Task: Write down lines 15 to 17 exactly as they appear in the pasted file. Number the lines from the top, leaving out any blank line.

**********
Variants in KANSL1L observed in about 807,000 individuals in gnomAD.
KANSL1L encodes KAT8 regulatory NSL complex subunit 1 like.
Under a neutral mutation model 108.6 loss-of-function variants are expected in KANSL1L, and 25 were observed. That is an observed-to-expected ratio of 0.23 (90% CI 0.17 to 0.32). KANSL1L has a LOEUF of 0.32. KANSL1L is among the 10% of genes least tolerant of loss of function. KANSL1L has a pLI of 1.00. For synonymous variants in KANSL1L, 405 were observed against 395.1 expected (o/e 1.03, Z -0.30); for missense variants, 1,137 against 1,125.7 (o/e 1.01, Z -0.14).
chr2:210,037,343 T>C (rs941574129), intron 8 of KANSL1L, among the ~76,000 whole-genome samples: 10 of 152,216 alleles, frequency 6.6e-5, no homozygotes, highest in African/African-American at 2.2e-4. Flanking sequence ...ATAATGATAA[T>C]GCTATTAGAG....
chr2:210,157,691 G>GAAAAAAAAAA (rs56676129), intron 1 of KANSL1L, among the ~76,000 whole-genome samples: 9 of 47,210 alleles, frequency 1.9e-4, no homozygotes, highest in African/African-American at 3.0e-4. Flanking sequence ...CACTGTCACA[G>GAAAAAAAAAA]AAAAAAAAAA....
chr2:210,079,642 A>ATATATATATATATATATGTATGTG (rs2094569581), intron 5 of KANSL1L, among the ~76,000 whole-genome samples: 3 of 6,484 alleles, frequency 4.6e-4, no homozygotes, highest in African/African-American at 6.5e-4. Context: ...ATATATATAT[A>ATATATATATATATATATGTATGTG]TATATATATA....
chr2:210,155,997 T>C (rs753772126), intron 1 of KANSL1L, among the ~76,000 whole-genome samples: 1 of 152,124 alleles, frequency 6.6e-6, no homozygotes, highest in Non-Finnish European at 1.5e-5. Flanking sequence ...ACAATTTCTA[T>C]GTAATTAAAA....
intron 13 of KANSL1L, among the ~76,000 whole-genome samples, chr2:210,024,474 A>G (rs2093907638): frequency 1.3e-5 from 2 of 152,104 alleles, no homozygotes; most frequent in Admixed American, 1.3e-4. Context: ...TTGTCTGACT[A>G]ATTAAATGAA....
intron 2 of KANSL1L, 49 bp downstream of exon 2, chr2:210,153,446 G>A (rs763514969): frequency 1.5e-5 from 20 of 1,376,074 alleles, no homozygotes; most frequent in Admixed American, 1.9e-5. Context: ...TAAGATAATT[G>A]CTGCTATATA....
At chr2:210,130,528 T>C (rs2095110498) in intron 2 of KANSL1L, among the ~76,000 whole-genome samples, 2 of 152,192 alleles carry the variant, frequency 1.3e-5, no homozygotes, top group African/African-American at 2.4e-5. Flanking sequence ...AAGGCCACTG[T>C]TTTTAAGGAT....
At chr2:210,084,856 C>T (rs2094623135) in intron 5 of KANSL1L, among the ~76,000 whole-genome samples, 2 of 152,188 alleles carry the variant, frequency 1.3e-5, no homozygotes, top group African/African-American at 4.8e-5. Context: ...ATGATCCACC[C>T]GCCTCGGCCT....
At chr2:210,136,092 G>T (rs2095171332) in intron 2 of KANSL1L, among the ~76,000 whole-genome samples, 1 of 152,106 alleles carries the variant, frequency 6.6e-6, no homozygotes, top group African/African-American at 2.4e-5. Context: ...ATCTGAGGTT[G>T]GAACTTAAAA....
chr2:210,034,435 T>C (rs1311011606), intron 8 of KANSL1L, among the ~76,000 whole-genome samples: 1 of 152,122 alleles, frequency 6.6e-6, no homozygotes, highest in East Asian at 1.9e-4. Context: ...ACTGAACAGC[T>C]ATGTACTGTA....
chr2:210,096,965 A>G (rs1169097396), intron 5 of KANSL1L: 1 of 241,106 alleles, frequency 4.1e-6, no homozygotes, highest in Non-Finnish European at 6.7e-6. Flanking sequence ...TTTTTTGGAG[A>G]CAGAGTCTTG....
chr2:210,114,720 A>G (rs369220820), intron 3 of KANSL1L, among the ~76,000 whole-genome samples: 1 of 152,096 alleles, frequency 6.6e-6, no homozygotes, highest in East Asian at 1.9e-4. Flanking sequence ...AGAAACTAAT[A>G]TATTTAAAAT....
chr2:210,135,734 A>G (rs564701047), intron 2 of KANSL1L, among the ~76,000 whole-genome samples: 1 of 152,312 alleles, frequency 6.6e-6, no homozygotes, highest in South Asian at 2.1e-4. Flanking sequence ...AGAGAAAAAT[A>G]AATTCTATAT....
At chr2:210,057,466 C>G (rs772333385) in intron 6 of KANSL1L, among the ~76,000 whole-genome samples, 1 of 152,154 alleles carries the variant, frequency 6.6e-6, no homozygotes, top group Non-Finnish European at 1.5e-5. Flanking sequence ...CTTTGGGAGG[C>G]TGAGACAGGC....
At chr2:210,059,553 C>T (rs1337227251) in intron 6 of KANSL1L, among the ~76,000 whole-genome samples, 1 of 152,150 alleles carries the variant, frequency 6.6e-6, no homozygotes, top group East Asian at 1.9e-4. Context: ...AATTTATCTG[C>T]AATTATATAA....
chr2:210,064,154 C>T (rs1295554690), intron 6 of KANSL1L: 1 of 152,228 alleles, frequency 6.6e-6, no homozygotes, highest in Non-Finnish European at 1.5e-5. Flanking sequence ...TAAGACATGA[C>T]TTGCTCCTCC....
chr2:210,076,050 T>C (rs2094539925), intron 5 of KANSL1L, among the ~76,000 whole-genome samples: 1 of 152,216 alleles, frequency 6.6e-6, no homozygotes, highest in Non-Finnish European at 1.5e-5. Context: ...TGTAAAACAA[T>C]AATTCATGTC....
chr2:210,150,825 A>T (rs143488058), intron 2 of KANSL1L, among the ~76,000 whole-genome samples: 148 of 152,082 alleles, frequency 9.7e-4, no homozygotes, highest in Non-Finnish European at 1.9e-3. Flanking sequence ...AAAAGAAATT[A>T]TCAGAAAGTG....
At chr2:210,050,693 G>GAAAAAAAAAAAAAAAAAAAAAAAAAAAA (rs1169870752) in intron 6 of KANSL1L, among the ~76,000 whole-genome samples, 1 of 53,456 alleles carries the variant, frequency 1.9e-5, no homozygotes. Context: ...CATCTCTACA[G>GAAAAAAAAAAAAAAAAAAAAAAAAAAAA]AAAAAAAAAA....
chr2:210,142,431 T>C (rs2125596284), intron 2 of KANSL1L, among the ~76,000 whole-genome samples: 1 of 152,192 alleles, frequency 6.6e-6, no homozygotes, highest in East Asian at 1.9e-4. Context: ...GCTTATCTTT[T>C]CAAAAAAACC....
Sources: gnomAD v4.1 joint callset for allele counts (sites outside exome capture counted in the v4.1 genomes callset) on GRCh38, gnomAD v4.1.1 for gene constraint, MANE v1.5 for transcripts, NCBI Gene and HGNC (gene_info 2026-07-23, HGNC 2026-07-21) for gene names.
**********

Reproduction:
chr2:210,114,720 A>G (rs369220820), intron 3 of KANSL1L, among the ~76,000 whole-genome samples: 1 of 152,096 alleles, frequency 6.6e-6, no homozygotes, highest in East Asian at 1.9e-4. Flanking sequence ...AGAAACTAAT[A>G]TATTTAAAAT....
chr2:210,135,734 A>G (rs564701047), intron 2 of KANSL1L, among the ~76,000 whole-genome samples: 1 of 152,312 alleles, frequency 6.6e-6, no homozygotes, highest in South Asian at 2.1e-4. Flanking sequence ...AGAGAAAAAT[A>G]AATTCTATAT....
At chr2:210,057,466 C>G (rs772333385) in intron 6 of KANSL1L, among the ~76,000 whole-genome samples, 1 of 152,154 alleles carries the variant, frequency 6.6e-6, no homozygotes, top group Non-Finnish European at 1.5e-5. Flanking sequence ...CTTTGGGAGG[C>G]TGAGACAGGC....